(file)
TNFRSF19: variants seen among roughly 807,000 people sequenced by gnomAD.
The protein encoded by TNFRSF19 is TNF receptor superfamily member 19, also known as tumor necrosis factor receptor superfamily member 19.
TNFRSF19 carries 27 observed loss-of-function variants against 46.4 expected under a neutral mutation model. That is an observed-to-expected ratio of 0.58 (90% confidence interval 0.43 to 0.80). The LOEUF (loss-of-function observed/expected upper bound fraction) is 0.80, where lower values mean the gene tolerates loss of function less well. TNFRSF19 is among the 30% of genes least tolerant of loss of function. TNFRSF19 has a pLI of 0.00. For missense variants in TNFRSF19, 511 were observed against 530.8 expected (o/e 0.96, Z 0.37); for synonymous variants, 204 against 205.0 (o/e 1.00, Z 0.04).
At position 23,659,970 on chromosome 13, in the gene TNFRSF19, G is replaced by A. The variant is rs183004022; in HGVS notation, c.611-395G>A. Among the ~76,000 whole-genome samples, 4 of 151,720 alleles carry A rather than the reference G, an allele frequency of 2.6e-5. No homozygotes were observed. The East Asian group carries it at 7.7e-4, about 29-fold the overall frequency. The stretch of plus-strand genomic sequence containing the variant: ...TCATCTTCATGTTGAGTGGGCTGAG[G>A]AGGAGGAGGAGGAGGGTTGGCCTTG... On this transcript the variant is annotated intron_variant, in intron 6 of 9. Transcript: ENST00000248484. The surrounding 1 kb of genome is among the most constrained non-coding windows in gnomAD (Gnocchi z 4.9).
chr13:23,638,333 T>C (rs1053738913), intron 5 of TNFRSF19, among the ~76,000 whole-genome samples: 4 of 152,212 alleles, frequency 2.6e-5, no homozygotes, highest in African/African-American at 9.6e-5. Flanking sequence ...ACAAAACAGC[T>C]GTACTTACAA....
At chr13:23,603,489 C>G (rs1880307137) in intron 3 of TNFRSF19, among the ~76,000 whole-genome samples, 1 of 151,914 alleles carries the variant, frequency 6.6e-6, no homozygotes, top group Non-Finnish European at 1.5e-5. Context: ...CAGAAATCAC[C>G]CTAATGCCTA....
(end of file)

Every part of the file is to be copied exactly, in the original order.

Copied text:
TNFRSF19: variants seen among roughly 807,000 people sequenced by gnomAD.
The protein encoded by TNFRSF19 is TNF receptor superfamily member 19, also known as tumor necrosis factor receptor superfamily member 19.
TNFRSF19 carries 27 observed loss-of-function variants against 46.4 expected under a neutral mutation model. That is an observed-to-expected ratio of 0.58 (90% confidence interval 0.43 to 0.80). The LOEUF (loss-of-function observed/expected upper bound fraction) is 0.80, where lower values mean the gene tolerates loss of function less well. TNFRSF19 is among the 30% of genes least tolerant of loss of function. TNFRSF19 has a pLI of 0.00. For missense variants in TNFRSF19, 511 were observed against 530.8 expected (o/e 0.96, Z 0.37); for synonymous variants, 204 against 205.0 (o/e 1.00, Z 0.04).
At position 23,659,970 on chromosome 13, in the gene TNFRSF19, G is replaced by A. The variant is rs183004022; in HGVS notation, c.611-395G>A. Among the ~76,000 whole-genome samples, 4 of 151,720 alleles carry A rather than the reference G, an allele frequency of 2.6e-5. No homozygotes were observed. The East Asian group carries it at 7.7e-4, about 29-fold the overall frequency. The stretch of plus-strand genomic sequence containing the variant: ...TCATCTTCATGTTGAGTGGGCTGAG[G>A]AGGAGGAGGAGGAGGGTTGGCCTTG... On this transcript the variant is annotated intron_variant, in intron 6 of 9. Transcript: ENST00000248484. The surrounding 1 kb of genome is among the most constrained non-coding windows in gnomAD (Gnocchi z 4.9).
chr13:23,638,333 T>C (rs1053738913), intron 5 of TNFRSF19, among the ~76,000 whole-genome samples: 4 of 152,212 alleles, frequency 2.6e-5, no homozygotes, highest in African/African-American at 9.6e-5. Flanking sequence ...ACAAAACAGC[T>C]GTACTTACAA....
At chr13:23,603,489 C>G (rs1880307137) in intron 3 of TNFRSF19, among the ~76,000 whole-genome samples, 1 of 151,914 alleles carries the variant, frequency 6.6e-6, no homozygotes, top group Non-Finnish European at 1.5e-5. Context: ...CAGAAATCAC[C>G]CTAATGCCTA....